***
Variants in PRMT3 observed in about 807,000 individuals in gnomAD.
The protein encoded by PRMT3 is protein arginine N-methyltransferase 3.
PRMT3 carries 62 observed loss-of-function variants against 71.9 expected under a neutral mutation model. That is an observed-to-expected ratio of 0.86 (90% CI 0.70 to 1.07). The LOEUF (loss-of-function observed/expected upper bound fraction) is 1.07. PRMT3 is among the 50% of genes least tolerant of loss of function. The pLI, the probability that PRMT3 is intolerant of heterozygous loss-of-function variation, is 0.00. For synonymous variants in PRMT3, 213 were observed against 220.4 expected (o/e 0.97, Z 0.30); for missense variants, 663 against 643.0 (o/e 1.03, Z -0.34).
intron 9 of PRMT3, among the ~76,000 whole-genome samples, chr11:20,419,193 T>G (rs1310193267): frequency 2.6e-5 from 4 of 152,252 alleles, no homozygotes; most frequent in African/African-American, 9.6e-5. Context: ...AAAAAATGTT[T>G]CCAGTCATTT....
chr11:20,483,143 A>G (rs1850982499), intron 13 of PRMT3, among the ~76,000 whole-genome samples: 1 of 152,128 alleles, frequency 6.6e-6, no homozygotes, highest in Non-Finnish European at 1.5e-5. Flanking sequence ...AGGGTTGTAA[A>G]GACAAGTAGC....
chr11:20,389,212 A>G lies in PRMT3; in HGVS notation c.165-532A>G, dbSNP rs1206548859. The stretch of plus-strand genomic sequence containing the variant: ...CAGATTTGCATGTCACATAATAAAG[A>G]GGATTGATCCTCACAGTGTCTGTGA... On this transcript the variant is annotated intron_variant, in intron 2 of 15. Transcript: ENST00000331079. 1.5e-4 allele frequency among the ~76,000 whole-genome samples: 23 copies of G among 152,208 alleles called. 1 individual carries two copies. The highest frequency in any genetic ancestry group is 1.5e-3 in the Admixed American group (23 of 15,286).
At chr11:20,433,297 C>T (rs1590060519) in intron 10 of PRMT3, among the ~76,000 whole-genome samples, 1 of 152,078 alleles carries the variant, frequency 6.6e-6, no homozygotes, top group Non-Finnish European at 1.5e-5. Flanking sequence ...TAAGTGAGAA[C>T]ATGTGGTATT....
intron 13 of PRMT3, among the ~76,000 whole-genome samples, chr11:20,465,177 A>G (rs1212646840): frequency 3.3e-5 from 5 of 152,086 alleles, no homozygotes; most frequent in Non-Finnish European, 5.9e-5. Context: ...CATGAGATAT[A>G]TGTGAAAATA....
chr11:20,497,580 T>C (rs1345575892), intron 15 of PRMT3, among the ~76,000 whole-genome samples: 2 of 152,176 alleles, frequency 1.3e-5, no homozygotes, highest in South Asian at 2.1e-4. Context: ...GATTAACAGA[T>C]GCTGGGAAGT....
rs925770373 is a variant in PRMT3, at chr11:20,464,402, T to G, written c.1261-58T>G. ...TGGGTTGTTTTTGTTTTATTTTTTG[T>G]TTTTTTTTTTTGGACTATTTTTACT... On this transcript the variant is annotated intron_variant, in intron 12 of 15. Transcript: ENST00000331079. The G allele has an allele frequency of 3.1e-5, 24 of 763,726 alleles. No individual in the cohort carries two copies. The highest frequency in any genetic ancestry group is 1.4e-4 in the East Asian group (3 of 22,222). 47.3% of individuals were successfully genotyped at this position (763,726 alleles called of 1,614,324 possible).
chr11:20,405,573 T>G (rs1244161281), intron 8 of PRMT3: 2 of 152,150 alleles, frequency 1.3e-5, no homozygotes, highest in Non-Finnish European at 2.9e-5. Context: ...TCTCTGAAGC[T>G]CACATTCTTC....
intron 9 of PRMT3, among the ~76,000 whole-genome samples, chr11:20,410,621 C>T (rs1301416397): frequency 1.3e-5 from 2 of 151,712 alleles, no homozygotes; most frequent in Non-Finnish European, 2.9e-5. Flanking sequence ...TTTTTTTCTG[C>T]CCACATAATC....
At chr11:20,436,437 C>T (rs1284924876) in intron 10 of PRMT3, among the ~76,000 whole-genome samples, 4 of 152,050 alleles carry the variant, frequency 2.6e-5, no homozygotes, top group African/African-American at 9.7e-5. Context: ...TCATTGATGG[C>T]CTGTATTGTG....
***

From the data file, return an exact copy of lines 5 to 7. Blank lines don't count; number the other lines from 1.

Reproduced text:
chr11:20,483,143 A>G (rs1850982499), intron 13 of PRMT3, among the ~76,000 whole-genome samples: 1 of 152,128 alleles, frequency 6.6e-6, no homozygotes, highest in Non-Finnish European at 1.5e-5. Flanking sequence ...AGGGTTGTAA[A>G]GACAAGTAGC....
chr11:20,389,212 A>G lies in PRMT3; in HGVS notation c.165-532A>G, dbSNP rs1206548859. The stretch of plus-strand genomic sequence containing the variant: ...CAGATTTGCATGTCACATAATAAAG[A>G]GGATTGATCCTCACAGTGTCTGTGA... On this transcript the variant is annotated intron_variant, in intron 2 of 15. Transcript: ENST00000331079. 1.5e-4 allele frequency among the ~76,000 whole-genome samples: 23 copies of G among 152,208 alleles called. 1 individual carries two copies. The highest frequency in any genetic ancestry group is 1.5e-3 in the Admixed American group (23 of 15,286).
At chr11:20,433,297 C>T (rs1590060519) in intron 10 of PRMT3, among the ~76,000 whole-genome samples, 1 of 152,078 alleles carries the variant, frequency 6.6e-6, no homozygotes, top group Non-Finnish European at 1.5e-5. Flanking sequence ...TAAGTGAGAA[C>T]ATGTGGTATT....